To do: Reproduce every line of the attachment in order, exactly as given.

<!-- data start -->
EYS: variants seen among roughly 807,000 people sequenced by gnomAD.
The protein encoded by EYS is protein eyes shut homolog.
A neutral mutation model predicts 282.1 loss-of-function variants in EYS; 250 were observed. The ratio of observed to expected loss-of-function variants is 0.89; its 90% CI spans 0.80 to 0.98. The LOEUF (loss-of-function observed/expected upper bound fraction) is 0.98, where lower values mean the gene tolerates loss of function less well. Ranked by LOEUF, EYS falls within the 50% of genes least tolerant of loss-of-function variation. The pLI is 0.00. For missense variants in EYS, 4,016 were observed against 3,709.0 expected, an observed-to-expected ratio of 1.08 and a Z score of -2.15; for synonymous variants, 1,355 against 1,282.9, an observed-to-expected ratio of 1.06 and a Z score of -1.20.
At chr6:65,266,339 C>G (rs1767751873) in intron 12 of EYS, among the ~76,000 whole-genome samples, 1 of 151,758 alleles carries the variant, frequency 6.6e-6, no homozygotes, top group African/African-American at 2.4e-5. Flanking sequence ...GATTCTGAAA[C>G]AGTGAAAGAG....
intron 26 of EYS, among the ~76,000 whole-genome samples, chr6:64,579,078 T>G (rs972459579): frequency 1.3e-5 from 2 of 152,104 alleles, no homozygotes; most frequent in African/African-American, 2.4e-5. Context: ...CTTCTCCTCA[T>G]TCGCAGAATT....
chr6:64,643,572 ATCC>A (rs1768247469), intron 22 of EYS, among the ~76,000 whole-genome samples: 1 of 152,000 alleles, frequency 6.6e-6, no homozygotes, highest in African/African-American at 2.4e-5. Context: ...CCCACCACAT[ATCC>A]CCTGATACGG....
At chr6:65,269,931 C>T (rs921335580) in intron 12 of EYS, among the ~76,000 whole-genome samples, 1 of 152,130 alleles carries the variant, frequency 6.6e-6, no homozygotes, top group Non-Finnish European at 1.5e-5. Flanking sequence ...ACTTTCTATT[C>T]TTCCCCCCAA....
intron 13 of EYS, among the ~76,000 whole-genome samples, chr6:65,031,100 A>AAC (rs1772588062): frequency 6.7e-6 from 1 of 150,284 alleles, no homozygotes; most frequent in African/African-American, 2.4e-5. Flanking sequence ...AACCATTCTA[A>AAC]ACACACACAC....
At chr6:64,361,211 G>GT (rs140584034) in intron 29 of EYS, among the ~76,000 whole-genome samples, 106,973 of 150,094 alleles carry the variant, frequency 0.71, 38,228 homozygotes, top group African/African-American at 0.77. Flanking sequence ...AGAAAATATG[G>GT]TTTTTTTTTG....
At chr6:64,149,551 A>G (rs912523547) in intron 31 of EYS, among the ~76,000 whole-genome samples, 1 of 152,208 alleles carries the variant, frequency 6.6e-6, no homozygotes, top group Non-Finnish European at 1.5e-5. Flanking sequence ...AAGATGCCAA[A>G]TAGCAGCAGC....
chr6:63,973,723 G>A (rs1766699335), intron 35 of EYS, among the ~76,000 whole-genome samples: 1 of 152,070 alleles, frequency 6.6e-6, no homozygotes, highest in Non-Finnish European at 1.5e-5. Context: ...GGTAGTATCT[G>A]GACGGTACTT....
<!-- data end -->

EYS: variants seen among roughly 807,000 people sequenced by gnomAD.
The protein encoded by EYS is protein eyes shut homolog.
A neutral mutation model predicts 282.1 loss-of-function variants in EYS; 250 were observed. The ratio of observed to expected loss-of-function variants is 0.89; its 90% CI spans 0.80 to 0.98. The LOEUF (loss-of-function observed/expected upper bound fraction) is 0.98, where lower values mean the gene tolerates loss of function less well. Ranked by LOEUF, EYS falls within the 50% of genes least tolerant of loss-of-function variation. The pLI is 0.00. For missense variants in EYS, 4,016 were observed against 3,709.0 expected, an observed-to-expected ratio of 1.08 and a Z score of -2.15; for synonymous variants, 1,355 against 1,282.9, an observed-to-expected ratio of 1.06 and a Z score of -1.20.
At chr6:65,266,339 C>G (rs1767751873) in intron 12 of EYS, among the ~76,000 whole-genome samples, 1 of 151,758 alleles carries the variant, frequency 6.6e-6, no homozygotes, top group African/African-American at 2.4e-5. Flanking sequence ...GATTCTGAAA[C>G]AGTGAAAGAG....
intron 26 of EYS, among the ~76,000 whole-genome samples, chr6:64,579,078 T>G (rs972459579): frequency 1.3e-5 from 2 of 152,104 alleles, no homozygotes; most frequent in African/African-American, 2.4e-5. Context: ...CTTCTCCTCA[T>G]TCGCAGAATT....
chr6:64,643,572 ATCC>A (rs1768247469), intron 22 of EYS, among the ~76,000 whole-genome samples: 1 of 152,000 alleles, frequency 6.6e-6, no homozygotes, highest in African/African-American at 2.4e-5. Context: ...CCCACCACAT[ATCC>A]CCTGATACGG....
At chr6:65,269,931 C>T (rs921335580) in intron 12 of EYS, among the ~76,000 whole-genome samples, 1 of 152,130 alleles carries the variant, frequency 6.6e-6, no homozygotes, top group Non-Finnish European at 1.5e-5. Flanking sequence ...ACTTTCTATT[C>T]TTCCCCCCAA....
intron 13 of EYS, among the ~76,000 whole-genome samples, chr6:65,031,100 A>AAC (rs1772588062): frequency 6.7e-6 from 1 of 150,284 alleles, no homozygotes; most frequent in African/African-American, 2.4e-5. Flanking sequence ...AACCATTCTA[A>AAC]ACACACACAC....
At chr6:64,361,211 G>GT (rs140584034) in intron 29 of EYS, among the ~76,000 whole-genome samples, 106,973 of 150,094 alleles carry the variant, frequency 0.71, 38,228 homozygotes, top group African/African-American at 0.77. Flanking sequence ...AGAAAATATG[G>GT]TTTTTTTTTG....
At chr6:64,149,551 A>G (rs912523547) in intron 31 of EYS, among the ~76,000 whole-genome samples, 1 of 152,208 alleles carries the variant, frequency 6.6e-6, no homozygotes, top group Non-Finnish European at 1.5e-5. Flanking sequence ...AAGATGCCAA[A>G]TAGCAGCAGC....
chr6:63,973,723 G>A (rs1766699335), intron 35 of EYS, among the ~76,000 whole-genome samples: 1 of 152,070 alleles, frequency 6.6e-6, no homozygotes, highest in Non-Finnish European at 1.5e-5. Context: ...GGTAGTATCT[G>A]GACGGTACTT....